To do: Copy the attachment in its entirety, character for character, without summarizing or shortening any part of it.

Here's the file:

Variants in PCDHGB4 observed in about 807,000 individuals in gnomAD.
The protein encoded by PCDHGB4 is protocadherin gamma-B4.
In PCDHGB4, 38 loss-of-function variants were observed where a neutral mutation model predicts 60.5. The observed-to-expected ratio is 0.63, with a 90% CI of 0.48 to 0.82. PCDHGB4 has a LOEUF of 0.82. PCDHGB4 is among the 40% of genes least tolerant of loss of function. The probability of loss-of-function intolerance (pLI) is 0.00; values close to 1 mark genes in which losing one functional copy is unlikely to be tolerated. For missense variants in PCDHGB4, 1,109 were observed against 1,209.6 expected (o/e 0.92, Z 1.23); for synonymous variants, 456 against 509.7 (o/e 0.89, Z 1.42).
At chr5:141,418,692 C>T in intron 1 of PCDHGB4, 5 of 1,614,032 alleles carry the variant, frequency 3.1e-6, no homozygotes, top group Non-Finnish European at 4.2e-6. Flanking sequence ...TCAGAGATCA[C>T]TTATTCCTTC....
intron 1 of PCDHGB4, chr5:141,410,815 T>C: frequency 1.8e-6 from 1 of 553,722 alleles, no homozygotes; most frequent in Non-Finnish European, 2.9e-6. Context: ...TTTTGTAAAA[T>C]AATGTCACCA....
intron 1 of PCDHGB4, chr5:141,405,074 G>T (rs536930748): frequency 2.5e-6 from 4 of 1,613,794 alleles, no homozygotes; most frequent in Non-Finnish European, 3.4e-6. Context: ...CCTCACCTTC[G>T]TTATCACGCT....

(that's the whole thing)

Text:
Variants in PCDHGB4 observed in about 807,000 individuals in gnomAD.
The protein encoded by PCDHGB4 is protocadherin gamma-B4.
In PCDHGB4, 38 loss-of-function variants were observed where a neutral mutation model predicts 60.5. The observed-to-expected ratio is 0.63, with a 90% CI of 0.48 to 0.82. PCDHGB4 has a LOEUF of 0.82. PCDHGB4 is among the 40% of genes least tolerant of loss of function. The probability of loss-of-function intolerance (pLI) is 0.00; values close to 1 mark genes in which losing one functional copy is unlikely to be tolerated. For missense variants in PCDHGB4, 1,109 were observed against 1,209.6 expected (o/e 0.92, Z 1.23); for synonymous variants, 456 against 509.7 (o/e 0.89, Z 1.42).
At chr5:141,418,692 C>T in intron 1 of PCDHGB4, 5 of 1,614,032 alleles carry the variant, frequency 3.1e-6, no homozygotes, top group Non-Finnish European at 4.2e-6. Flanking sequence ...TCAGAGATCA[C>T]TTATTCCTTC....
intron 1 of PCDHGB4, chr5:141,410,815 T>C: frequency 1.8e-6 from 1 of 553,722 alleles, no homozygotes; most frequent in Non-Finnish European, 2.9e-6. Context: ...TTTTGTAAAA[T>C]AATGTCACCA....
intron 1 of PCDHGB4, chr5:141,405,074 G>T (rs536930748): frequency 2.5e-6 from 4 of 1,613,794 alleles, no homozygotes; most frequent in Non-Finnish European, 3.4e-6. Context: ...CCTCACCTTC[G>T]TTATCACGCT....